Wednesday, November 16, 2016

Warning: Be Aware of Your Surroundings!

It didn't really hit me until today but I am fairly certain that I narrowly missed becoming a crime statistic last night.

I went to the local pharmacy to get some antacids.  It was near dusk and I wasn't feeling too well, so I was concentrating on getting there, getting what I needed, and getting home.  But when I pulled into the parking lot, I noticed something that seemed off:  a car parked strangely with a couple of young adults in it.  The engine was running, the doors were open, but there was no loud music, they weren't messing with their cell phones, and they seemed very jumpy.

I wasn't really paying a whole lot of attention; this observation and assessment was just a matter of a couple of seconds.  Something about them made me feel uncomfortable.  So I was careful not to park next to them and I made sure they knew that I saw them by looking straight at them as I set the alarm on my car (which beeps rather loudly when I do).  Then I went into the store and didn't think anymore about it.

It was actually as I came out of the store that I could have been in danger.  I suddenly had the feeling that someone was too close to me.....and there was.  I turned round to see that there was a young woman directly behind me with her right hand stretched out toward my purse.  She so close, in fact, that she had to back up when I turned.  I said nothing but looked her right in the eye.  She hurried away and got into the car with the two jumpy people, and they roared off out of the parking lot as quickly as they could.

All three of them were acting nervous and suspicious.  It seems fair to assume that they were up to something.  Before you make any assessments about my judgment, let me say two things.  One, I am of the same race as those young people, so this is not about anything like discrimination.  Two, I have been the victim of purse snatching before.

It's the second point that is important.  When you have experienced wrongdoing, it should serve to make you more aware; it should encourage you to learn small ways in which you can protect yourself.  That is what it did for me.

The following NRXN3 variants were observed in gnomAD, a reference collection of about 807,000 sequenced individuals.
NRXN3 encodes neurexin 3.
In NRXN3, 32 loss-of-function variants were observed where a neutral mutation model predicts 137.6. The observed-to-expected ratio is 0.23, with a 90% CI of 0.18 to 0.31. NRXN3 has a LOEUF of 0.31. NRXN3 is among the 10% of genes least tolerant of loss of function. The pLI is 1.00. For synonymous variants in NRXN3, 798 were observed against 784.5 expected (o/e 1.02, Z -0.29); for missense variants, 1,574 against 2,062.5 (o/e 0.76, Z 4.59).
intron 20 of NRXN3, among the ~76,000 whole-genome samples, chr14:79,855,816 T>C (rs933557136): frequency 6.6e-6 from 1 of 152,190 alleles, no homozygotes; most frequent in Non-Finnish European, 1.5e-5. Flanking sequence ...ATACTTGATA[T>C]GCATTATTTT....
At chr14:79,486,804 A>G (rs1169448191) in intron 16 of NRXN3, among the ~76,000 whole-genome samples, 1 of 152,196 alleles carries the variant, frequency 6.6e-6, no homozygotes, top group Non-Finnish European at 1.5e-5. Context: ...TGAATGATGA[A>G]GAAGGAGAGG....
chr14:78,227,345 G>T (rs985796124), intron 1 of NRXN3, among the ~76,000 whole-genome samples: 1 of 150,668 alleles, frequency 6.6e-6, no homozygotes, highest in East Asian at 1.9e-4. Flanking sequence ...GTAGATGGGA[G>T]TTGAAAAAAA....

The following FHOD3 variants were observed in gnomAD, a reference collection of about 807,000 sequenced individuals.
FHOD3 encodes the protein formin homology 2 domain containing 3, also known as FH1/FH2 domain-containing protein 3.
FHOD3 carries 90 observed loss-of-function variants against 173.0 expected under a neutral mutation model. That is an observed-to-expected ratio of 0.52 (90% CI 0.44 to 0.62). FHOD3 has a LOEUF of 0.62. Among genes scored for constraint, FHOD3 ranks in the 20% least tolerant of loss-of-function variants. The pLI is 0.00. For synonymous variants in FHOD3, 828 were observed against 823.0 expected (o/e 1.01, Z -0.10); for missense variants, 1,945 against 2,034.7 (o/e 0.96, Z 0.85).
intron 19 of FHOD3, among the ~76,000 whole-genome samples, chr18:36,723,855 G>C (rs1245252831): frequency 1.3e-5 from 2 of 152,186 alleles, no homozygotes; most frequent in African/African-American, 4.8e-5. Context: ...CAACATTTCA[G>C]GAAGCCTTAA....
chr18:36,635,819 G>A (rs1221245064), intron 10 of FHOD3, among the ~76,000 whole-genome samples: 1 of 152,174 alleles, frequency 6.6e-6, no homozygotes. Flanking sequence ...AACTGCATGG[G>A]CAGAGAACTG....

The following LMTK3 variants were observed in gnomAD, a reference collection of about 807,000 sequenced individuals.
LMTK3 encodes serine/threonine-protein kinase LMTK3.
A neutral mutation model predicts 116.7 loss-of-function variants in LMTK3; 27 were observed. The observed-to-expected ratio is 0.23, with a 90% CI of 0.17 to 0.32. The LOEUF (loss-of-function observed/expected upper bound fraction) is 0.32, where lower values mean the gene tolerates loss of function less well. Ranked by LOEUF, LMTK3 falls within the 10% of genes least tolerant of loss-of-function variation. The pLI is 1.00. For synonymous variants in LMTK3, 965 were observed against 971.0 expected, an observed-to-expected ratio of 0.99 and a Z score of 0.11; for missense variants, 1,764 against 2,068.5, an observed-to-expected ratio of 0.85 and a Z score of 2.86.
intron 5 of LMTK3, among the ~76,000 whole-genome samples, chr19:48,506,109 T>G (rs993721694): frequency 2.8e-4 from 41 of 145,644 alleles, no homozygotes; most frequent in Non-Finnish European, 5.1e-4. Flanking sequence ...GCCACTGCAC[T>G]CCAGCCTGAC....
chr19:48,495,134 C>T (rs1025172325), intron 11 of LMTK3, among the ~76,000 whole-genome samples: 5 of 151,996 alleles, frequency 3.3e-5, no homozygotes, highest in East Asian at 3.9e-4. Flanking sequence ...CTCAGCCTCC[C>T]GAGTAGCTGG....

• I always park to the right of any store entrance.  This enables me to find my car quickly, and it helps me to pay closer attention to where I am.

  • I already have the strap of my purse on my shoulder when I get out of the car, and I don't allow myself to be distracted by extras like keys or cell phone or other stuff as I'm getting out--those things are already put in place.

  • I stop to look around me before I exit the car.  I want to know who and what is nearby.

  • When I get back into the car to leave, I already have my left hand on the inside door handle and I pull the door shut as I am entering the car.  I lock the door immediately.  (This is very important:  if I had known how to do this before, I never would have been mugged in the first place--back then, the guy punched me in the face as I was putting my purse in the car.) 

  • The most important thing of all:  I NEVER put my keys in my purse.  If someone takes your purse and your keys are in it, they not only know where you live but they can get in easily.  Very scary.

  • One minor exception to the no-keys rule:  if you have a clip on your keys (like a carabiner--which is great because you can clip the keys to your clothing if you haven't got a pocket to put them in), you can use that to attach the strap of your purse to your shopping cart.  This will prevent someone from easily taking your purse and the jingling noise will alert you to anyone meddling with your purse.

  • This may seem obvious but keep your purse closed!  If your purse isn't zipped or snapped, it's all too easy for someone to reach a hand in for your wallet. 

  • Put your receipts and so forth away before you leave the store.  If you're fiddling about with stuff as you go out the door, you're not paying attention to your surroundings and that's when you become easy prey.

  • Pay attention to your intuition--if something doesn't seem right, it may very well not be.  Fear is there not to make us feel upset but to keep us safe, to keep us alert.  It can be a good thing.

  • If someone makes you feel uncomfortable, look them in the eye.  They won't want to be recognized if they are up to something, and they are likely to want to get away from you fast.

  • If you are in jeopardy, remember to breathe.  It's human nature to hold your breathe when you're scared but if you do, you're robbing yourself of the oxygen you need to help you think properly.

I don't know how to do self-defense, and I've never punched a person in my life.  The thing I can do is to pay attention to where I am and to what I am doing.  Sometimes the basics are all you need.  That's surely what I needed yesterday.

Keep yourself safe. 
Life is good.

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